Republicans then and still today allow Obama a free pass "for his lack of leadership on foreign policy." In Mitt Romney, he said, "It was clear we weren't going to have a candidate who made national security a priority."

But Bolton concluded it was too late for him to organize and raise the necessary funds to mount a serious effort for 2012.

Now, though, he says, "It would not be candid to say that having thought about (running) in 2012, that that possibility isn't out there" for 2016.

But at the moment, he wants to make sure that people who are strong advocates of national security get help.

He is "worried about the growth of neo-isolationism within the Republican Party. It's been a long time since we've seen that. It's important to have an opposing view.

"The libertarian conservative basis has to be you need an America where freedom is allowed to flourish, and if you don't have a strong national defense, all the rest of it is secondary," he said.

On current issues, Bolton dismissed Iran's new overtures and conciliatory tone as "pure propaganda."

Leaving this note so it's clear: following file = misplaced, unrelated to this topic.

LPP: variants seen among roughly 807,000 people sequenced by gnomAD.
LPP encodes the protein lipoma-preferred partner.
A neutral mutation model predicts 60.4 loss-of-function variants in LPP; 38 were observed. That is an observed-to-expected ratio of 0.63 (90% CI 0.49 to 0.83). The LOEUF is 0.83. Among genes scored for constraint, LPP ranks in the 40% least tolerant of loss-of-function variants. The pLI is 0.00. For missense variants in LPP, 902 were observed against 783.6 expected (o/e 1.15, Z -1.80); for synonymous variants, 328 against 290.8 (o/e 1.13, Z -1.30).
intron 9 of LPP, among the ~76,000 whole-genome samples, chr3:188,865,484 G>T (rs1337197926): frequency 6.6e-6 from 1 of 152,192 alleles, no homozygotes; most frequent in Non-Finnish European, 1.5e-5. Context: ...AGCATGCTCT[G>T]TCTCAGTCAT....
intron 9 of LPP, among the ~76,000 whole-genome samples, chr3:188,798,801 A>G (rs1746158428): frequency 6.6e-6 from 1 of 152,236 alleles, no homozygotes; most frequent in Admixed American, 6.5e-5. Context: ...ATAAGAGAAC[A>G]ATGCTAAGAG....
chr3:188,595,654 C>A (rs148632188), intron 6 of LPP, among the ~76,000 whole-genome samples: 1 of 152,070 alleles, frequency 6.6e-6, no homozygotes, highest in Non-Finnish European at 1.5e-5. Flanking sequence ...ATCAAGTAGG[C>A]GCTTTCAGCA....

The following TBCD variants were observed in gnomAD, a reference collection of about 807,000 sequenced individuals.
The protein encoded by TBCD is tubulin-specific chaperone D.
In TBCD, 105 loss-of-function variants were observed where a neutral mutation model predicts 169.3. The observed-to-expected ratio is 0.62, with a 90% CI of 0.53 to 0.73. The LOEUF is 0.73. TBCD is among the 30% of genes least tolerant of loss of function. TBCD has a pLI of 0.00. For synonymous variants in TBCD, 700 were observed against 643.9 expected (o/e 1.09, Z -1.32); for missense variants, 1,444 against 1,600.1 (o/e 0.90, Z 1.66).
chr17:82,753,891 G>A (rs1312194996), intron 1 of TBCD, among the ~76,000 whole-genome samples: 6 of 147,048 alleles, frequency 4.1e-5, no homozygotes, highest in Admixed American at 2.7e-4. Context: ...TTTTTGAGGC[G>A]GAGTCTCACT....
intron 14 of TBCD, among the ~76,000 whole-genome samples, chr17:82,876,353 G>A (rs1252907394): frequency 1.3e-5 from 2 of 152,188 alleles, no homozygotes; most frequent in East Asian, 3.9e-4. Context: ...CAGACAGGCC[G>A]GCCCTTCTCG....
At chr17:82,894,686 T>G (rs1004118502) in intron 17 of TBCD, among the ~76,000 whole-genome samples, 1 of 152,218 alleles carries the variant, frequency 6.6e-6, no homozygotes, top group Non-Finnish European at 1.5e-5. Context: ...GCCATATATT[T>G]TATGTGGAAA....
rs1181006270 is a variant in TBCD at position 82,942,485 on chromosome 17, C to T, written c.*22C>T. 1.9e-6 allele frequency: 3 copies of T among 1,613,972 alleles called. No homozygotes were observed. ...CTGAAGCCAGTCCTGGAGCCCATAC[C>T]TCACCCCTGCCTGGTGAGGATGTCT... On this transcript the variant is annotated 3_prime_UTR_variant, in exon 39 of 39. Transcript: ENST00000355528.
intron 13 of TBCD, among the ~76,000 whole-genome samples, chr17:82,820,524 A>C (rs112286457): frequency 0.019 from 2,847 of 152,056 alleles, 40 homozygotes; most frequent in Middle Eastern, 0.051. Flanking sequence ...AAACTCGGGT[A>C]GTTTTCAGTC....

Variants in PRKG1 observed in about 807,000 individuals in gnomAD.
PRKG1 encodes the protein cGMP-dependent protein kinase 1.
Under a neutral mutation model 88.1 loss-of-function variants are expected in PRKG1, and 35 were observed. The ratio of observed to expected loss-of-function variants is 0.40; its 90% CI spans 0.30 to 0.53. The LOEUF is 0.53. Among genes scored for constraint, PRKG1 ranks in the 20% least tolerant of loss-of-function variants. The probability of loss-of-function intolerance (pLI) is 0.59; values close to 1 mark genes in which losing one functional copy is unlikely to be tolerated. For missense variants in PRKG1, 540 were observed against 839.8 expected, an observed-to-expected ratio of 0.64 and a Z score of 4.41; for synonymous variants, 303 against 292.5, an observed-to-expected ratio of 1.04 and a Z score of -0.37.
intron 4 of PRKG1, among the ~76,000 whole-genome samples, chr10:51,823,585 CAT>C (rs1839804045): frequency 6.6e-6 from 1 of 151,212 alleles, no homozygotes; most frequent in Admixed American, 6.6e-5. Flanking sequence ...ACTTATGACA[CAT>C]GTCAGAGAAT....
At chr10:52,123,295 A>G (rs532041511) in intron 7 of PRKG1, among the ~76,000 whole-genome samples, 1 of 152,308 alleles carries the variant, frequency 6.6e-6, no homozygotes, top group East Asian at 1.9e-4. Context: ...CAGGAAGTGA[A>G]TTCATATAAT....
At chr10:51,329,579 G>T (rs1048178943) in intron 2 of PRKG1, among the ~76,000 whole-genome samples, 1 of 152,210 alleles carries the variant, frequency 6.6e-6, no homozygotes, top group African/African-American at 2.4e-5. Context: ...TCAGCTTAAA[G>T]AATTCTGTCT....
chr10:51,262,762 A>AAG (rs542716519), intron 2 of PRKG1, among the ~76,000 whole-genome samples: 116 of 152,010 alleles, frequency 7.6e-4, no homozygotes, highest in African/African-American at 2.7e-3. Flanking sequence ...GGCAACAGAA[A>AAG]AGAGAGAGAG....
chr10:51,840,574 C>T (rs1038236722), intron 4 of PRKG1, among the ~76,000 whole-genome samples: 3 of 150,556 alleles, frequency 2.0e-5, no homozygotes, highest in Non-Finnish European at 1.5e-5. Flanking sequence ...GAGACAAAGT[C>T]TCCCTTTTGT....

Iranian President Hassan Rouhani "wants relief from the economic sanctions, which have caused economic trouble inside Iran, but have had no effect on the nuclear program."

He said the Syrian situation was a failure for the Obama administration. In the new UN Security Council resolution to secure and eliminate Syria's chemical weapons, "The Russians have essentially gotten everything they wanted."

On the debate in Washington over "Obamacare" and a potential government shutdown, Bolton said Republicans should take a lesson from 1995, when the GOP was blamed for the shutdown caused by a tug-of-war between President Bill Clinton and then House speaker Newt Gingrich.

"You have to have a game plan that keeps the issue on Obamacare and doesn't allow Obama to turn it into a debate about shutting down the government," Bolton said. "It cost us the presidency in 1996.

"Ultimately, I don't think the government will shut down," Bolton said.